Cutting costs and carbon: Energy reduction in F&B manufacturing

By Amaad Ahmed

- Last updated on GMT

The food production system is under pressure to become more sustainable. Credit: Getty / Ian Nolan
The food production system is under pressure to become more sustainable. Credit: Getty / Ian Nolan
Amaad Ahmed, lead net zero consultant at Amber, offers food and drink manufacturers advice on keeping costs down while also progressing on the journey towards net zero.

As energy prices rise, all industries throughout the UK in this post-Covid era have experienced some negative effects. Food manufacturers have encountered a multitude of challenges due to the fluctuation of energy prices, including increased operational costs and, in extreme cases, even business closures.

Now more than ever, it’s essential that food manufacturers consider adopting practices that will reduce their energy consumption and keep them up to speed with environmental regulations. So, here are our three tips to help you reduce costs and remain ahead of the net zero curve.

Benchmark your consumption

The first step for reducing your energy consumption is measuring and understanding your current energy usage and setting a baseline. This will provide a starting point for setting energy efficiency improvement goals.

Baselines should include an intensity metric, for example measuring the amount of energy consumed per tonne of food produced (kWh/tonne of food produced). This allows the performance of energy efficiency actions to be measured and verified even if the total consumption were to increase due to business expansion.

Upgrade your equipment

Implementing small, necessary changes to existing equipment is crucial for increasing efficiency and reducing energy waste. How can this be achieved? There are numerous avenues, including:

Switching to LEDs​: LEDs can use up to 50% less power compared to traditional bulbs (fluorescent/ halogen fittings) and can last five times longer, making them a cost-effective and environmentally friendly choice.

Upgrading or retrofitting HVACs: ​Heating Ventilation and Air Conditioning (HVAC) systems account for a significant portion of a buildings’ energy costs and consumption, so upgrading or retrofitting older systems to more energy-efficient models can be very impactful. Other options include replacing fixed speed fans with Variable Speed Drivers (VSDs), optimising temperature set-points and implementing occupancy-based controls to ensure systems only operate when needed.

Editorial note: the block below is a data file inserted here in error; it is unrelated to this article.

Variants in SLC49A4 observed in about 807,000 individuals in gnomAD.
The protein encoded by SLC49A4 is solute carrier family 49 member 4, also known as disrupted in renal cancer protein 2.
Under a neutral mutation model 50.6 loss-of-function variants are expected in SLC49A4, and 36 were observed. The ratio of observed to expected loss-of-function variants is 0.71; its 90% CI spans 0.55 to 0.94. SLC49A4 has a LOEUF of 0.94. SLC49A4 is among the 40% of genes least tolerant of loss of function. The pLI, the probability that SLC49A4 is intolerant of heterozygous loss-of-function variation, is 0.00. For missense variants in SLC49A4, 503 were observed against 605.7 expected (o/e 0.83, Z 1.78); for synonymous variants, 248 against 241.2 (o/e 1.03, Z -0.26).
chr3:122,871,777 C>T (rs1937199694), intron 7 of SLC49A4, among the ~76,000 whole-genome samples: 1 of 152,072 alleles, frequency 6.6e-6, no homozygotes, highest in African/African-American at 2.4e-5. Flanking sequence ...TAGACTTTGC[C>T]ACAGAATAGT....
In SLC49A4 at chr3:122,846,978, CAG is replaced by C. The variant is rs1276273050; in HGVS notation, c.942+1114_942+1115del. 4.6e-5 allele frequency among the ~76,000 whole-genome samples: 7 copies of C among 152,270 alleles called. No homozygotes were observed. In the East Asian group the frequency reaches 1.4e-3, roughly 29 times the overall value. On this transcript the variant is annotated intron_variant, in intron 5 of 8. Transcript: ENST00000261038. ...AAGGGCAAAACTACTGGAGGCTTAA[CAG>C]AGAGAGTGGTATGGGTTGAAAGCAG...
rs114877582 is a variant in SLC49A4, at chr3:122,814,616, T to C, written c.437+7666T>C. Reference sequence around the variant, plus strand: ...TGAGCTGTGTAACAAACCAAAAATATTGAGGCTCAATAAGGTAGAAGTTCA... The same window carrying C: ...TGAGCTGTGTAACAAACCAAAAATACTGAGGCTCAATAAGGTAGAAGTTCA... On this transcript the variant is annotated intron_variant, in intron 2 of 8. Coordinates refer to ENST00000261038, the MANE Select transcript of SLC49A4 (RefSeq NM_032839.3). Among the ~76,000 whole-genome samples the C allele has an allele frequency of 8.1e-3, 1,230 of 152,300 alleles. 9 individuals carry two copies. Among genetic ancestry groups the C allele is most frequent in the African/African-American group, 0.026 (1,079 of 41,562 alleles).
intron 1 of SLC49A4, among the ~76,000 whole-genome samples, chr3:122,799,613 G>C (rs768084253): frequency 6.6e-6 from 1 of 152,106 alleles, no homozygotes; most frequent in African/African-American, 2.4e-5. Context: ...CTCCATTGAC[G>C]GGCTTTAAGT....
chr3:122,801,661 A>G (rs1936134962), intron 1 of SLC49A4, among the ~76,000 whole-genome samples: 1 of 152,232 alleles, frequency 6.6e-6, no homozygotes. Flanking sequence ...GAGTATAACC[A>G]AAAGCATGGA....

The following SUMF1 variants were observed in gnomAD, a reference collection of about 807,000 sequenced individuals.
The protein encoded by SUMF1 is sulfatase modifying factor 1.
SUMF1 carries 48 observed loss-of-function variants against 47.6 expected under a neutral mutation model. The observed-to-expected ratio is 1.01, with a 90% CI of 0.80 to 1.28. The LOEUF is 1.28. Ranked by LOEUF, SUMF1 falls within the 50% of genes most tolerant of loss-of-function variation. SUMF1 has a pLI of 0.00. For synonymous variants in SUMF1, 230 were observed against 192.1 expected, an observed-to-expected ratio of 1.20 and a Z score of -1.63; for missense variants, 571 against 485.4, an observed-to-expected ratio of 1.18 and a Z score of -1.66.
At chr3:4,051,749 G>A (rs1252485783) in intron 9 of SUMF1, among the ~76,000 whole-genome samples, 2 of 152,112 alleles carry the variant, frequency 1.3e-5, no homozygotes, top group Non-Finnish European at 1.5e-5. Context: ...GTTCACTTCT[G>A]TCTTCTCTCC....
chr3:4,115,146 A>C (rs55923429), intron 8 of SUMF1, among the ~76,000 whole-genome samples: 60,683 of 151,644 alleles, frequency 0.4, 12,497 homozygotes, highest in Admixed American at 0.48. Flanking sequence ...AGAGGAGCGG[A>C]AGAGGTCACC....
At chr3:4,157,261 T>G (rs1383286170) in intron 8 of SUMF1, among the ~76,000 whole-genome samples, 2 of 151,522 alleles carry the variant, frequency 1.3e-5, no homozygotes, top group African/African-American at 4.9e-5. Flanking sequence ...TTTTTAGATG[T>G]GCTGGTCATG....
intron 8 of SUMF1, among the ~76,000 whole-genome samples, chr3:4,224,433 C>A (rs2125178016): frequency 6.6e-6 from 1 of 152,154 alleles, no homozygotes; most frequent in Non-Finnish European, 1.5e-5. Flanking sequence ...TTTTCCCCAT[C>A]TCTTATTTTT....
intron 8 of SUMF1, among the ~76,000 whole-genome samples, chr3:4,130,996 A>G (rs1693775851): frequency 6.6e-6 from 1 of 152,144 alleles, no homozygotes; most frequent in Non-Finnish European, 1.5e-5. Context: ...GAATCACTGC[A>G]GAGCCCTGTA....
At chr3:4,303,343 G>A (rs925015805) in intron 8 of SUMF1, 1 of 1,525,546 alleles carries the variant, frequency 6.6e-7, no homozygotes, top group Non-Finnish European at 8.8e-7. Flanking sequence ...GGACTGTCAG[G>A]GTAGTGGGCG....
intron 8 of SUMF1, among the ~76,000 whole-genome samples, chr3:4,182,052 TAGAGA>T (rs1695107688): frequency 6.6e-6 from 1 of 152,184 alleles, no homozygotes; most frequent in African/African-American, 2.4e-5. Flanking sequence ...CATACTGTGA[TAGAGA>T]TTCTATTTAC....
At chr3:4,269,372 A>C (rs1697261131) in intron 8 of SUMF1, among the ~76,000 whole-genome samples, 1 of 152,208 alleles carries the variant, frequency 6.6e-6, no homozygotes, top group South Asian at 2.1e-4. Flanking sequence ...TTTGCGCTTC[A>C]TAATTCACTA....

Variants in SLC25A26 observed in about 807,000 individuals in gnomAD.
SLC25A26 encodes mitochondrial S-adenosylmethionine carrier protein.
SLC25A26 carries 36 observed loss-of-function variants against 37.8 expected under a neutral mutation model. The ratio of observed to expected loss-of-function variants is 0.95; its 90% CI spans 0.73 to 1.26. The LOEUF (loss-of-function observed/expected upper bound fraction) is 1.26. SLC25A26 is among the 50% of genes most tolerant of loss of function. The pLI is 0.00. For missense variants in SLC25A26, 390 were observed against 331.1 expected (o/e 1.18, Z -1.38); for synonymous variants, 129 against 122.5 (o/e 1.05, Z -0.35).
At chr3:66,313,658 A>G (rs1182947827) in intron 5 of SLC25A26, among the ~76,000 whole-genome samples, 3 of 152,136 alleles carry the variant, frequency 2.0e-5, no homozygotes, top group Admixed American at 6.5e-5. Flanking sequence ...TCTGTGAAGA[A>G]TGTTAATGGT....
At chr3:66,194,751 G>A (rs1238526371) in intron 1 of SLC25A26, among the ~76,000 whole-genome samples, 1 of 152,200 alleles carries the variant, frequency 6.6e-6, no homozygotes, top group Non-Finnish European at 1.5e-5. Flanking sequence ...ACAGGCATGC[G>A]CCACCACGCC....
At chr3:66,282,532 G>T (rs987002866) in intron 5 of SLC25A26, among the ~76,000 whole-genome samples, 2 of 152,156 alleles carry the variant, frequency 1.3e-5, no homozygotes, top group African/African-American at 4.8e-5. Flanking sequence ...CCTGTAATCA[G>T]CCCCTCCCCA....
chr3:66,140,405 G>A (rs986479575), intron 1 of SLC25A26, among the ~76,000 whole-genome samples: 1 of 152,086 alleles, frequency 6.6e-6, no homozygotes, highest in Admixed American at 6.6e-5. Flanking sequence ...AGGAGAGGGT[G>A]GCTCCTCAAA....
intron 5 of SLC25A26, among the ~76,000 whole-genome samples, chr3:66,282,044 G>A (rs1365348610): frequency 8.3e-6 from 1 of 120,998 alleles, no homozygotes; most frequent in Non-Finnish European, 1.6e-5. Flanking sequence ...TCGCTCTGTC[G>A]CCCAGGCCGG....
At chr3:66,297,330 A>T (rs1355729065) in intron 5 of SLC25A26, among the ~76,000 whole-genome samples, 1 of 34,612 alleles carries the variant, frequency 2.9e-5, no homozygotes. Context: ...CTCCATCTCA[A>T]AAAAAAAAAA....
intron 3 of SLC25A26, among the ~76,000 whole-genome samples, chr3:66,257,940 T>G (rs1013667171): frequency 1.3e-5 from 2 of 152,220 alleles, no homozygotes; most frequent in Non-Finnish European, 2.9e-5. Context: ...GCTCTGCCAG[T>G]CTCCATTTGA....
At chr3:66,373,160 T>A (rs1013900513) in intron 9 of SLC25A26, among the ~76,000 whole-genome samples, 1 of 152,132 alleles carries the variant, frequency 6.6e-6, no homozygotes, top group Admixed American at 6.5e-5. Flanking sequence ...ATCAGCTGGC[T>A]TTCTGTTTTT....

Incorporating BEMSs: ​Using a Building Energy Management System (BEMS) is an effective way to continuously monitor, analyse, and gradually increase control over building services such as HVACs and lighting. This is one of the best ways to reduce business costs, improve energy efficiency, and reduce carbon footprint on site.

Improve refrigeration efficiency: ​Refrigeration is a significant user of energy within food manufacturing. Refrigerants used in industrial cooling systems have a high Global Warming Potential (GWP), so, to reduce risk of fugitive emissions, you can make changes such as utilising advanced sealing and materials less prone to wear, using refrigerants with lower GWP, and improving system efficiency through regular maintenance.

Heat decarbonisation

After making initial changes, the next step is to invest in heat decarbonisation.

As the industry relies heavily on fossil fuels (especially natural gas) for heat generation in processes like pasteurisation, sterilisation, and cooking, this contributes to the industry's significant thermal energy use and makes food systems responsible for a quarter of global greenhouse gas emissions.

Thermal electrification could help decarbonise the food manufacturing industry. This can be done through replacing gas-fired boilers and furnaces with heat pumps. Heat pumps capture waste heat (low grade) and use compression to convert it into reusable high-grade heat to offset fossil fuel boiler requirements.

This can also be supplemented by renewable thermal energy, drawn from renewable sources like solar, geothermal and biomass, and generated to provide heating or cooling services.

Estimates for the European Union predict that, by electrifying the thermal needs, CO2 emissions could at least be reduced by 50% for food processing.

For multi-site companies, small single-site trials can be implemented to identify the most impactful enhancements, which can then be carried out as key initiatives across multiple locations.

Time for action

Three key considerations to end on. Firstly, experts believe that in 2030 wholesale energy prices could potentially be double what they were before the Ukraine-Russian war – which could make a large negative impact on budgets and see a further decline in operational and sustainability investment.

Secondly, food manufacturers, and indeed all other businesses, must progress their plans to reduce emissions or risk missing the government’s net zero targets and damaging their supplier relationships as the retail sector looks to safeguard itself from future climate legislation.

Thirdly, and most importantly, this is as good a time as any for food manufacturers to start implementing meaningful change and futureproofing their businesses – reducing costs and carbon in the process.

In other news, a new investigation into RSPCA Assured farms has revealed scenes of dying animals and unclean conditions.

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